Foreclosure, in psychology, can be defined as pre-defined or borrowed self-identity as opposed to any sort of self-exploration or individual thought.
The average Indian science student chooses biology so that becoming a doctor is one of their career options. And more often than not, parents are the leading influence in this choice. The career of these Indian doctors can be a little different from others. It is a highly secure job(no job interviews, fear of being fired, etc), does not require the most creative mind and is one of the most popular jobs to get a respectable status in India.
So, to carry on my slightly academically worded rant, I will present to you the downsides of the average confoming-to-parents’-wishes student’s personality. I am proud of the generalizations I will make in the process.
So to get this out of the way, most students are plebeians and have no awareness or stance in social or world issues and they are not worth mentioning as they aren’t very bright students either. This too, is a form of foreclosure.
But there are medical students that are more annoying than the ignorant plebeian. There can be two different stances of annoyance in these students.
Repetition is the initial worldview which is more common in sheltered individuals. These students tend to conform to religious, political and other opinions that they hear throughout their upbringing, mainly from family members and teachers. A student can be raised by conservative parents; so when the parents’ worldview is absorbed as the only reality for a sufficient amount of time, any arguments opposing this logic will be vehemently rejected. In fact, they usually tend to proudly profess this worldview to the world. They wouldn’t be able to completely understand another worldview because of this deeply ingrained circular logic. This person would consequently be strongly against Evolution theory, LGBTQ+ etc. Such people are strong willed and will actively engage in arguments and bring out their circular logic. And winning these arguments reinforces their beliefs, so it is important for them. On the odd occasion that they have understood an opposing point, they are initially angry that they do not have a strong comeback. This regurgitation of beliefs would be less common in students who have an authentic sense of self, are creative, haven’t been extremely indoctrinated, etc.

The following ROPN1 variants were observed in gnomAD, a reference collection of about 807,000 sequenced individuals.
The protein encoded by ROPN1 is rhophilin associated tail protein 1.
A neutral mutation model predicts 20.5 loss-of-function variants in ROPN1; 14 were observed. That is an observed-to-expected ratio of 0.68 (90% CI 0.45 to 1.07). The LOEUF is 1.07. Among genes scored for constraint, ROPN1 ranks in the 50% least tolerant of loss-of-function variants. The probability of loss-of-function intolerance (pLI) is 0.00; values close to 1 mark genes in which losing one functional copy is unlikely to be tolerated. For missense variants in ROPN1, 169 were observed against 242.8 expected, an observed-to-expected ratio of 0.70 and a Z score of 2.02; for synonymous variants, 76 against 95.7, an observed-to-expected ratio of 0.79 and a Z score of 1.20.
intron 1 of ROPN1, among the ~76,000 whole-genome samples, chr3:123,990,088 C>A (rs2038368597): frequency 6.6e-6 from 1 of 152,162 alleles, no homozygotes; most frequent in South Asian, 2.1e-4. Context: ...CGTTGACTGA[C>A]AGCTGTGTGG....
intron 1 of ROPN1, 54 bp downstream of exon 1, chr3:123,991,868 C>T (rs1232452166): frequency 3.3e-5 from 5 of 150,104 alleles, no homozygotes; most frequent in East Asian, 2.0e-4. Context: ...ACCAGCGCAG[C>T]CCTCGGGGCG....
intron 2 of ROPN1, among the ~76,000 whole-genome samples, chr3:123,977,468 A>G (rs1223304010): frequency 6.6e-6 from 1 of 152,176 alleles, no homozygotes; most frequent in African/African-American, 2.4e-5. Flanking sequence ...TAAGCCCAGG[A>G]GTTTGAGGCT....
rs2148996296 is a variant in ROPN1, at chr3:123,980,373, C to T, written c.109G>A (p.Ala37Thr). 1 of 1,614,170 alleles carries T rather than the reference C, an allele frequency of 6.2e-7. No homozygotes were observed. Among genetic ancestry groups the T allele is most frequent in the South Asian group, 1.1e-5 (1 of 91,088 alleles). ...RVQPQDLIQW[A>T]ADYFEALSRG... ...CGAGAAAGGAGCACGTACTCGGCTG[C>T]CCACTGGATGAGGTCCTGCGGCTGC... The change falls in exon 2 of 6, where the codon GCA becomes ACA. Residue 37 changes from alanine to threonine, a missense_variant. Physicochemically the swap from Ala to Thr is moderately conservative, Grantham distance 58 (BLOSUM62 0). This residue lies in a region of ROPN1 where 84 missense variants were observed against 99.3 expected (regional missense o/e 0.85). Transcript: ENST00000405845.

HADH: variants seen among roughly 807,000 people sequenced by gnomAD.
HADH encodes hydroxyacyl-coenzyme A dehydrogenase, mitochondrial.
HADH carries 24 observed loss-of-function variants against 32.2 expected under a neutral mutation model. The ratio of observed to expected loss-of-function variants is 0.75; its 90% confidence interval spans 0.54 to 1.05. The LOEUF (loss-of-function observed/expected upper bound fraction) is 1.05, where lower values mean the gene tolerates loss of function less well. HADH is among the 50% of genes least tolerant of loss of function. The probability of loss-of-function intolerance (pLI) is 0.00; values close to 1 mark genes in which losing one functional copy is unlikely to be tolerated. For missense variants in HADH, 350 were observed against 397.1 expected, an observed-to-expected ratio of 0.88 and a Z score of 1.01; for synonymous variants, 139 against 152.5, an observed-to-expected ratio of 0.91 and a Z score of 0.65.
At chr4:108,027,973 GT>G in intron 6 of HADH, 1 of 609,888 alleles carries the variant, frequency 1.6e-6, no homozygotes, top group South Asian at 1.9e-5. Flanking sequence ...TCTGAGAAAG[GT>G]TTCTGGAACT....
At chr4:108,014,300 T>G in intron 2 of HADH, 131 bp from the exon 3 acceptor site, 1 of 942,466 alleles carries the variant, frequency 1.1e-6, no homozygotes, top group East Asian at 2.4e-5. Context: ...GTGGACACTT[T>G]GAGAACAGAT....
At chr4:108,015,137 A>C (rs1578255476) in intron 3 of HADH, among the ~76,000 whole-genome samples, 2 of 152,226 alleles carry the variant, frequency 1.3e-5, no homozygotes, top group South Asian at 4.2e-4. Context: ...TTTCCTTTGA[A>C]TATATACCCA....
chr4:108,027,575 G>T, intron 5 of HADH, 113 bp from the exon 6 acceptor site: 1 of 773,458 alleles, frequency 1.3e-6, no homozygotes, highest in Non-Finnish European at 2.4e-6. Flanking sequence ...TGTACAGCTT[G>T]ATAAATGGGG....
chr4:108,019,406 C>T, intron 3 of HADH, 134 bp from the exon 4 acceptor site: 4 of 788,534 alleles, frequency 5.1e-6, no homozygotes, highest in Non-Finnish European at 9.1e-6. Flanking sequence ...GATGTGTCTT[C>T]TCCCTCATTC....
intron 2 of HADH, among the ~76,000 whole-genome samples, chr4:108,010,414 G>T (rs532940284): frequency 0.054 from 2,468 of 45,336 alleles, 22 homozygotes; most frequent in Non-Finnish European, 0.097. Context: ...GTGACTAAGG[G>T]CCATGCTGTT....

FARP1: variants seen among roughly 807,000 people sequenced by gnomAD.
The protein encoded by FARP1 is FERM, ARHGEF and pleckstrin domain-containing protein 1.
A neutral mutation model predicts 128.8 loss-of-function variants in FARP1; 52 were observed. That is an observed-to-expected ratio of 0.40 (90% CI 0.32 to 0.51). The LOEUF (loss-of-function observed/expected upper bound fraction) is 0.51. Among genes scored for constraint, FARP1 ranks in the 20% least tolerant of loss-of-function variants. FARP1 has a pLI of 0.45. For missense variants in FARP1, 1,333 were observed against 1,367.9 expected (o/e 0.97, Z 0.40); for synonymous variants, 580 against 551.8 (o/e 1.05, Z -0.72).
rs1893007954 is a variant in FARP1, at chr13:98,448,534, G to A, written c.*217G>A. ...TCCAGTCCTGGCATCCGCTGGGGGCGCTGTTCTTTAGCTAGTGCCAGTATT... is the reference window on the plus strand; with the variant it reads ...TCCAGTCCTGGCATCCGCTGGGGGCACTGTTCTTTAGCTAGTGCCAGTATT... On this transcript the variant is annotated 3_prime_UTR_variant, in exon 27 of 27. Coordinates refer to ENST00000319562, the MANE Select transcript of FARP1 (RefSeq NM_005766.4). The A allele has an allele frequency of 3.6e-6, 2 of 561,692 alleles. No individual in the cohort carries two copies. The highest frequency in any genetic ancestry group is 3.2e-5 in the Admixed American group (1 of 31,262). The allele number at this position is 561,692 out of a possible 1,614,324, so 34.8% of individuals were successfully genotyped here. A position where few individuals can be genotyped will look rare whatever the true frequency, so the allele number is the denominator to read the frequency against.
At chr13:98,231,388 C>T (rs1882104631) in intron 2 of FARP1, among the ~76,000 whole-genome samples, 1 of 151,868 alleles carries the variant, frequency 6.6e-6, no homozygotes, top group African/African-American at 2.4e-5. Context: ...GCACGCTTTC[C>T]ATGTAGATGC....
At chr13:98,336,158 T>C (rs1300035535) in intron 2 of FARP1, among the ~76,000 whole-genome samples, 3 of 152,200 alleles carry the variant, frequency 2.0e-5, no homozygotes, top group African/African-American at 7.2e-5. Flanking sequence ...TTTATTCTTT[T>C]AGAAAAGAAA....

But this lack of comebacks can lead to the other stance of annoyance, which is more intellectually stimulated and mature. Indecisiveness is a trait that’s prevalent in a lot of medical students these days. This occurs when opposing views are presented later on in life, and aren’t completely senseless to them. A common example is Evolution theory. But it isn’t easy to accept for religious students as it means that God wasn’t necessary for man to be created. Some attempts may be made to compromise both ideas. But usually, it puts the student into a passive quiet listening mode. The opposing ideas about a topic form a crisis. They do not proclaim ‘I don’t know’ but stick to their initial worldview as it doesn’t force them to choose one ideology. So when they hear conversations about these topics, their internal crisis prevents them from contributing anything, and they might feel suffocated listening to more arguments. These people become very apolitical and their passiveness can be just as annoying as the first stance. They might still be against Same-Sex Marriages even if they don’t have a logical reason to.
The ideal outcome from the crisis is a genuine, well thought out opinion. Newer perspectives shouldn’t be feared but interesting. And gradually, these topics of conflict should stop being an obsession in their daily lives.